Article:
Best Battery Powered Chainsaws
Go cordless with a battery-powered chainsaw. The battery adds weight and cost to the saw but going cordless opens up a whole range of possibilities. It will need recharging but it is not recommended to operate a chainsaw continuously for more than an hour at a time anyway.
For first time chainsaw buyers and people who just want to learn more about chainsaws we have written the buying guide below. We go into batteries, guide bars, types of motors and more.
We have written a similar guide specific to corded electric chainsaws too.
- 1 Best Battery Powered Chainsaws
- 1.1 Battery Chainsaw Buying Guide
- 1.2 Buying considerations
- 1.3 Battery Chainsaw Reviews
Battery Chainsaw Buying Guide
As summer fades and the leaves start falling, the need for a good chainsaw becomes apparent. Contrary to popular belief, these appliances can benefit everyone. A tiled stove, fireplace, or cast-iron stove can add tremendous value even to homes with modern heating systems. These appliances burn wood, making a battery powered chainsaw—or a traditional version—essential. In addition, people can use these tools for various other household jobs, including cutting trees and other material, or even for bucking and pruning.
Advantages of cordless chainsaws
Cordless, battery-operated chainsaws have a sleek shape, light weight, and a lithium ion battery that does not use any environmentally harmful materials. Thanks to the chain guide and the chain itself, these machines can provide a powerful cutting performance and have a long service life. The tool-free chain tension usually makes the job easier, along with the automatic chain lubrication feature. This adds to the durability of the tool. The system brake and quick-release hand guard bracket provide additional security.
Therefore, the main advantages of a battery-operated chainsaw are easy operation and safety, arguably the two most important buying considerations for customers. Apart from very occasional power issues, a battery-operated chainsaw is the superior choice for beginners.
They feature more convenient designs, and with the evolution of lithium ion batteries, they can offer power too, combining the best qualities of gas-operated and corded chainsaws. The only downside is charging time, but with the turbo charge function that most appliances offer nowadays, even that issue seems to be disappearing.
Battery power, Ah and voltage
To differentiate between the various battery designs and outputs—undoubtedly the most important component of a battery powered chainsaw—it is beneficial to understand Ah and voltage, and what kind of information people can get out of these values.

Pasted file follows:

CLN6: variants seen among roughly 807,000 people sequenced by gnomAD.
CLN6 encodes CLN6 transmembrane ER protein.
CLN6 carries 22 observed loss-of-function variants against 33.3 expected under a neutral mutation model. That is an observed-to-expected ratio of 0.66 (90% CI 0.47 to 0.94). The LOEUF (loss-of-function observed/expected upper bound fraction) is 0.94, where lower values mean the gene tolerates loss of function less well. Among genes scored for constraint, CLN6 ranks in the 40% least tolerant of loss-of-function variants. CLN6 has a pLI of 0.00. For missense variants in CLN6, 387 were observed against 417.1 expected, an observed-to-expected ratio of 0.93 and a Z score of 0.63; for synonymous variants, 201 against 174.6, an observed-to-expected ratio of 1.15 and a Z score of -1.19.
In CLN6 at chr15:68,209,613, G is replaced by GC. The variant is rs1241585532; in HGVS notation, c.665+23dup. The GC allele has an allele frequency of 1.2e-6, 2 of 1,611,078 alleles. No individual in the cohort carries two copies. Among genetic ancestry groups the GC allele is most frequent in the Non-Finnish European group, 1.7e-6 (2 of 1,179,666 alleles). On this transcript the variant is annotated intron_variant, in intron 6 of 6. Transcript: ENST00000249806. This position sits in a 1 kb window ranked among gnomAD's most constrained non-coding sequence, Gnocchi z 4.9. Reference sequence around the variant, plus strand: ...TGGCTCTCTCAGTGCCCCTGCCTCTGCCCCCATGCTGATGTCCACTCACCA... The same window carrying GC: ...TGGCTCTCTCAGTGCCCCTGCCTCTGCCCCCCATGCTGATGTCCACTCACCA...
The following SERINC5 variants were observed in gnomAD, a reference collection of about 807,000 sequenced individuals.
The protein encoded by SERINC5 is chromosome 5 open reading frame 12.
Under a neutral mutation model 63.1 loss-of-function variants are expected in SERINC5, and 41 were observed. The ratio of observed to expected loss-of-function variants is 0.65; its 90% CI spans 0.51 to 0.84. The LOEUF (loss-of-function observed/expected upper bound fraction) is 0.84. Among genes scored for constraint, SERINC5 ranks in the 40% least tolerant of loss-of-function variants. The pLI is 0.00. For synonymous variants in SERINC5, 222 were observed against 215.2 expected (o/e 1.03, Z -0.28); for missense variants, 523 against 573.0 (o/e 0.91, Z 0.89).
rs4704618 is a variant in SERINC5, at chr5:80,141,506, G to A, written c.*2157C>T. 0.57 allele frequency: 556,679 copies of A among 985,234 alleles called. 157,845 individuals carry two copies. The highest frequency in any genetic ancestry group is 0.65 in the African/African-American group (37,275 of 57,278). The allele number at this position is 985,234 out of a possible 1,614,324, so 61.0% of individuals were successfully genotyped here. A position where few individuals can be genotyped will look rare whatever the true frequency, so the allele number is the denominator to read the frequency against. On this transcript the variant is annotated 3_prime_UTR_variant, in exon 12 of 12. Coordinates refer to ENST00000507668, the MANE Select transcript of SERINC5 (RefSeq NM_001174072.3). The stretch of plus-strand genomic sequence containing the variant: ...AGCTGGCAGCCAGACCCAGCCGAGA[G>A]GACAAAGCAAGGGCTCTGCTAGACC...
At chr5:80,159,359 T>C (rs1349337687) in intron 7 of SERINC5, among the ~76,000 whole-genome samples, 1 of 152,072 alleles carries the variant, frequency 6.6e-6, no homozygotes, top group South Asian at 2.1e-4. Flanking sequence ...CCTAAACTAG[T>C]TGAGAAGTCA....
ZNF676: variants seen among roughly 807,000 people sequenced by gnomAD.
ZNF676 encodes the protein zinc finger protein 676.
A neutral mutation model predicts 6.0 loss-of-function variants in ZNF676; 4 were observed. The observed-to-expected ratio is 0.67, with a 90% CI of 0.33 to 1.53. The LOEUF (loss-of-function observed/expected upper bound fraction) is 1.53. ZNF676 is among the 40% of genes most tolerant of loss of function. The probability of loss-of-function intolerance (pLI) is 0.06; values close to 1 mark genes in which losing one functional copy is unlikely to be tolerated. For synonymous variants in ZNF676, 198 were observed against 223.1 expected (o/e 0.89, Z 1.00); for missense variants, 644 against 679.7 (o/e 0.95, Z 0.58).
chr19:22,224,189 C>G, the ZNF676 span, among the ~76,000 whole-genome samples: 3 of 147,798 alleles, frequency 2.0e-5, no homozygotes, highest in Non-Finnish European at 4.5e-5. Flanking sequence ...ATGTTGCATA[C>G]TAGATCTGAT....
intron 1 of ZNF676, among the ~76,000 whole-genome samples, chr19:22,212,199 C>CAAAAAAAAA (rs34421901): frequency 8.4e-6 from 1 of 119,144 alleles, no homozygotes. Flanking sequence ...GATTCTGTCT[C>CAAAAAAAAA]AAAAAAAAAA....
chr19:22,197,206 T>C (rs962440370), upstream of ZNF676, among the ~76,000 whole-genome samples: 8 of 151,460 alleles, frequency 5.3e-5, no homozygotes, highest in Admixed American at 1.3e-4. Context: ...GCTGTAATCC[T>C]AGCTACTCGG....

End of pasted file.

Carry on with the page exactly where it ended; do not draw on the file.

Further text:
Amps-hour (Ah) means the capacity of the battery (energy absorbing capacity). 1 amp equals the distribution of a 1A current for a period of 1 hour, or a 10A Current for 0.1 hours. So, if someone has a device that takes on 20 amps and is charged for 20 minutes, the Amp-hour demand is 20 (amps) × 0.333 (hours), equaling 6.67 Ah.
Cyclical and starter batteries have an Ah capacity generally designed for a period of 20 hours. So when a battery has a 100 Ah capacity, it can distribute 5 amps for 20 hours without the battery voltage falling below 10.5V, which is crucial in terms of durability.
Voltage in a battery refers to a difference of electric potential. The higher that difference is, the higher the voltage is. The battery’s maximum voltage drops steadily during use and continues to increase during charging.
If the terminal voltage drops below a certain level—that level depends on the battery—while charging, the battery may be compromised, and the charging must be terminated before the additional load causes further damage.
The charge must also be terminated when the terminal voltage reaches the charge value. Overcharging can cause serious damage in a battery-operated chainsaw, which can lead to a dangerous chain reaction.
Guide bar length
There are two types of bar lengths, cutting length and overall bar length. Sometimes, people get confused, and don’t know which type of bar length they really need. Cutting length is the actual length one needs to determine bar length.
This applies to all makes and models, including battery operated chainsaws. To measure the required bar length, one has to take a measuring tape, put it where the chainsaw body and the bar meet, and measure the distance between that point and the tip of the bar.
That is the required length of the guide bar, and once rounded up, also the actual cutting length the battery operated chainsaw should handle. One of the most common mistakes is measuring the full length of the bar, which is not the correct length for the chainsaw bar.
The bar length impacts performance, which is why it is not recommended to go too long. If that happens, the battery operated chainsaw can lose some of its power. One can easily avoid that if they follow brand recommendation regarding maximum bar length.
Chainsaws are dangerous tools, so it is important to have the right protective equipment while operating them. The primary personal safety gear includes:
- Leg protector: The appropriate pants protect against accidental cuts and prevent dust and chips from penetrating the skin
- Protective helmet: It is especially important when cutting overhead, and can save lives when cutting trees or bigger branches
- Gloves: Protect against accidental cuts and provide a more secure grip. In addition, in cold weather, they keep the hands warm, which is ideal for the grip, an important factor when handling dangerous power tools
- Eye protection: Glasses with side shields can prevent tree chips and powder getting into the eyes
There are many considerations when buying a battery-powered chainsaw, including price, size, and weight, to name the three most obvious aspects. These criteria are obvious to any buyer, but there are other considerations to ponder.
Battery included or not: The battery is the most important—and often most expensive—component of a battery-powered chainsaw. This is especially true for lithium ion batteries, which bring a lot of advantages to table when compared to corded or gas-powered designs, or even their regular counterparts.
One of these advantages is capacity, both nominal and maximum. While a lithium ion battery can be depleted till about 5% of its total capacity, nickel-iron batteries must be recharged once they drop below 20% of their charge. The other advantage is quick chargeability.
A lithium ion battery is expected to last nearly twice as long as nickel-iron accumulators. Even beyond its expected lifetime, a lithium ion battery is still capable of outputting about 75% of its rated capacity.
The third major advantage is practicality. When charging a battery powered chainsaw, there is no need for a charging station, or ventilation for that matter. The battery can be charged in the machine.